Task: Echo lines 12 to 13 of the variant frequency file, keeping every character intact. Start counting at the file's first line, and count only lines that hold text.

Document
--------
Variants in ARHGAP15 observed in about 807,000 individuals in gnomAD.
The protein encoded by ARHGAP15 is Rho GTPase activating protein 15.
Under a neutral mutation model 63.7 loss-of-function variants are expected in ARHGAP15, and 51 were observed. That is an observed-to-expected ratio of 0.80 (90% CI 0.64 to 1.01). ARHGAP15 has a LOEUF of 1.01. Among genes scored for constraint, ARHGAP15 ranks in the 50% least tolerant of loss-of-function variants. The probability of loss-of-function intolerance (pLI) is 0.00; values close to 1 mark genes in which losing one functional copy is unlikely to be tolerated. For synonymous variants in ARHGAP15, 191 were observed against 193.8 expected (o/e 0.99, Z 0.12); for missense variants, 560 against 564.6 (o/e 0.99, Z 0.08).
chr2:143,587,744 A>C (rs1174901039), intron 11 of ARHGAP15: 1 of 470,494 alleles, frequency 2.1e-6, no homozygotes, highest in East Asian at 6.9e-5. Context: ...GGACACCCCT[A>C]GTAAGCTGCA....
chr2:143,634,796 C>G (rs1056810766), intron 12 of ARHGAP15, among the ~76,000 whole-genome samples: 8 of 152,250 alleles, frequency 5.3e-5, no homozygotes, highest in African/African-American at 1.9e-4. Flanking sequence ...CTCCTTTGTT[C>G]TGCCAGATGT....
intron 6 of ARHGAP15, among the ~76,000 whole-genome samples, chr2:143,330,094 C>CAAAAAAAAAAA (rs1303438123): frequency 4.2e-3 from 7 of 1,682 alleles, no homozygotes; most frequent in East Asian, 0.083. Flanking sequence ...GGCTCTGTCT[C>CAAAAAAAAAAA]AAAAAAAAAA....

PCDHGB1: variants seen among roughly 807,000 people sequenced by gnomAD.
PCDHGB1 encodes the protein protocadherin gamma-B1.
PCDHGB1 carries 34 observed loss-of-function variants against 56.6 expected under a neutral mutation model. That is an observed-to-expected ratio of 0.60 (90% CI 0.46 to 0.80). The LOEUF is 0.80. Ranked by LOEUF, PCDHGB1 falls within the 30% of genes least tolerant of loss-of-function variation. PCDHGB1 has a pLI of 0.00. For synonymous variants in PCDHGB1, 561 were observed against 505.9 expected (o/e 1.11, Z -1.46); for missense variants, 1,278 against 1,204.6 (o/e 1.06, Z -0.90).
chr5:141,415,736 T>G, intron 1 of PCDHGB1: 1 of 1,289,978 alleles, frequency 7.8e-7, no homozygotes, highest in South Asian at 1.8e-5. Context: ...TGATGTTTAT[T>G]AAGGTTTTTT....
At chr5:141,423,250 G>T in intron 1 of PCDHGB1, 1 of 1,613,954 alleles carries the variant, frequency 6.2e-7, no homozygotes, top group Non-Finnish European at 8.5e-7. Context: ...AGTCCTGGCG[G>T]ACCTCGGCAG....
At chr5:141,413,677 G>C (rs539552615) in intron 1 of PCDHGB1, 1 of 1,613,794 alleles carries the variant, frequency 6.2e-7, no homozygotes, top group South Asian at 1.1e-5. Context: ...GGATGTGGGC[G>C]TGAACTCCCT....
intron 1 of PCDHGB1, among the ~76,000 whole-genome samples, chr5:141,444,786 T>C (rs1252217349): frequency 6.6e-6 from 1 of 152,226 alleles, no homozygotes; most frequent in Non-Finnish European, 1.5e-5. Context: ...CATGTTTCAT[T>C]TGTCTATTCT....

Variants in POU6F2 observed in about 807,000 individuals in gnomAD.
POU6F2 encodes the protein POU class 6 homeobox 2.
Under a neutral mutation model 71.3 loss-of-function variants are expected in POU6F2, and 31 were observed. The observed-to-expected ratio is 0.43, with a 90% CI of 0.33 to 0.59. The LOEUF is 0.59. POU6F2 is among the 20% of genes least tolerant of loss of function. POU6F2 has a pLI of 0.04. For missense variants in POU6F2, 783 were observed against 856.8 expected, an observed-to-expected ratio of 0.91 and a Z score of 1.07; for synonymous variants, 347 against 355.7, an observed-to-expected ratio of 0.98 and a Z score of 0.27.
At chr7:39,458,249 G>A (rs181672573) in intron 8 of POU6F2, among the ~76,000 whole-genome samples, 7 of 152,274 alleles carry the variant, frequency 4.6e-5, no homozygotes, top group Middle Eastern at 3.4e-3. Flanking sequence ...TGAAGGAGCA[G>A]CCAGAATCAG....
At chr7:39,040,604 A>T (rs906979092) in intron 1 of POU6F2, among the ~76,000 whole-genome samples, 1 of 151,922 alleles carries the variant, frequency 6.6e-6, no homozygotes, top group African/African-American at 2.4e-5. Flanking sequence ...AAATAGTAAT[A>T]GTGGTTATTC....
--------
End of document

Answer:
At chr5:141,413,677 G>C (rs539552615) in intron 1 of PCDHGB1, 1 of 1,613,794 alleles carries the variant, frequency 6.2e-7, no homozygotes, top group South Asian at 1.1e-5. Context: ...GGATGTGGGC[G>C]TGAACTCCCT....
intron 1 of PCDHGB1, among the ~76,000 whole-genome samples, chr5:141,444,786 T>C (rs1252217349): frequency 6.6e-6 from 1 of 152,226 alleles, no homozygotes; most frequent in Non-Finnish European, 1.5e-5. Context: ...CATGTTTCAT[T>C]TGTCTATTCT....